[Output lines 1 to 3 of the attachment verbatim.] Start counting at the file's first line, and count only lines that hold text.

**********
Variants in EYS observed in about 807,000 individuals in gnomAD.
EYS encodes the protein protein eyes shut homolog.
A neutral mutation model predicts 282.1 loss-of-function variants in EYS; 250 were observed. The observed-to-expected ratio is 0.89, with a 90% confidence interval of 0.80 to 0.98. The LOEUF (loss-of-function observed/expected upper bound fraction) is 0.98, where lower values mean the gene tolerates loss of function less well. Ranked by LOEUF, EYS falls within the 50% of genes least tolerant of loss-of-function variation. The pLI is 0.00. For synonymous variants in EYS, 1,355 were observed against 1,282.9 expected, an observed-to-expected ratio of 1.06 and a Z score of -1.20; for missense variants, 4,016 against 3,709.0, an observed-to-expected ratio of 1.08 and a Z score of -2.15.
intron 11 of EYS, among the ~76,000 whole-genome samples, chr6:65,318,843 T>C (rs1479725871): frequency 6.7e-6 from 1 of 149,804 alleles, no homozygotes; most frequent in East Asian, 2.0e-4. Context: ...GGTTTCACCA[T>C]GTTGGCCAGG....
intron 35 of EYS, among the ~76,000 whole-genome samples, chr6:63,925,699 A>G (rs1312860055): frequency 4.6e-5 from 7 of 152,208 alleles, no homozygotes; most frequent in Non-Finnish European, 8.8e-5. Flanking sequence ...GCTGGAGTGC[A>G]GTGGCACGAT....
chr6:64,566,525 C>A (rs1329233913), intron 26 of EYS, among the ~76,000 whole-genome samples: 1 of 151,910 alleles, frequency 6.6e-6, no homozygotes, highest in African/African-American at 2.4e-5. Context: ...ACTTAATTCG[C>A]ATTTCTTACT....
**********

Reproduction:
Variants in EYS observed in about 807,000 individuals in gnomAD.
EYS encodes the protein protein eyes shut homolog.
A neutral mutation model predicts 282.1 loss-of-function variants in EYS; 250 were observed. The observed-to-expected ratio is 0.89, with a 90% confidence interval of 0.80 to 0.98. The LOEUF (loss-of-function observed/expected upper bound fraction) is 0.98, where lower values mean the gene tolerates loss of function less well. Ranked by LOEUF, EYS falls within the 50% of genes least tolerant of loss-of-function variation. The pLI is 0.00. For synonymous variants in EYS, 1,355 were observed against 1,282.9 expected, an observed-to-expected ratio of 1.06 and a Z score of -1.20; for missense variants, 4,016 against 3,709.0, an observed-to-expected ratio of 1.08 and a Z score of -2.15.